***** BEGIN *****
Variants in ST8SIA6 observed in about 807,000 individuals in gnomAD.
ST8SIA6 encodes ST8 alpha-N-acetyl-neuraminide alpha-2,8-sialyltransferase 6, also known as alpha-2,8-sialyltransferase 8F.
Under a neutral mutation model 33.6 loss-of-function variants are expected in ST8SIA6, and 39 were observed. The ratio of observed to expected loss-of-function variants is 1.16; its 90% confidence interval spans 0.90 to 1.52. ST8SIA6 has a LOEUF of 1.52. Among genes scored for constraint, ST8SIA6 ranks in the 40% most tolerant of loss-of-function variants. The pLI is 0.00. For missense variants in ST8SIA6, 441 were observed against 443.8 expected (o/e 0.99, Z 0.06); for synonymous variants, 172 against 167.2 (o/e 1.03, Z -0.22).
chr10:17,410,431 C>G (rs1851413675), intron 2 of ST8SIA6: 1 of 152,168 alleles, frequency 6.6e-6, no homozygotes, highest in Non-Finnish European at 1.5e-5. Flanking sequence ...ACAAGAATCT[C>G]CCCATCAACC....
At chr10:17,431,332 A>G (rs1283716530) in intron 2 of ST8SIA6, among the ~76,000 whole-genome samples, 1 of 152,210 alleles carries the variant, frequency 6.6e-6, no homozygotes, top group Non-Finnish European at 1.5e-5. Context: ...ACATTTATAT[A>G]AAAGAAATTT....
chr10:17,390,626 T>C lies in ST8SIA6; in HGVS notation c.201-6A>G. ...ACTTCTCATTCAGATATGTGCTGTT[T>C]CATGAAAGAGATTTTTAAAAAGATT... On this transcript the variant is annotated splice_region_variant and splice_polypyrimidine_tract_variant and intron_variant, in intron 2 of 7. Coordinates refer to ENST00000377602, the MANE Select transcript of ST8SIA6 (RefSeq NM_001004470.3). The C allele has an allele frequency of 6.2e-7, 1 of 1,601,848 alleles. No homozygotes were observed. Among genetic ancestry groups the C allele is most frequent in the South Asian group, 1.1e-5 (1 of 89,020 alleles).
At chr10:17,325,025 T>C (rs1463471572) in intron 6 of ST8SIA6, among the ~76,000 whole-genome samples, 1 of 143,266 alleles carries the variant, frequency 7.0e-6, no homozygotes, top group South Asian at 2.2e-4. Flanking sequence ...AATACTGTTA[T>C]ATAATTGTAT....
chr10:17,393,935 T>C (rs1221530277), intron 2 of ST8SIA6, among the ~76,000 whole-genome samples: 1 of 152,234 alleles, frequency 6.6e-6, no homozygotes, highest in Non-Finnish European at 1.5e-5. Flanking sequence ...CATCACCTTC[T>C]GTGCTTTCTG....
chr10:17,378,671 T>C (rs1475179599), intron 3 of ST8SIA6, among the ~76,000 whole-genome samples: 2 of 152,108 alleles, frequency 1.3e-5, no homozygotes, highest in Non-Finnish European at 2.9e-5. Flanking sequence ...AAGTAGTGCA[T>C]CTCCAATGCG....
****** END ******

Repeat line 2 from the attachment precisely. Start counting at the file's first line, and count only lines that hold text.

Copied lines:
ST8SIA6 encodes ST8 alpha-N-acetyl-neuraminide alpha-2,8-sialyltransferase 6, also known as alpha-2,8-sialyltransferase 8F.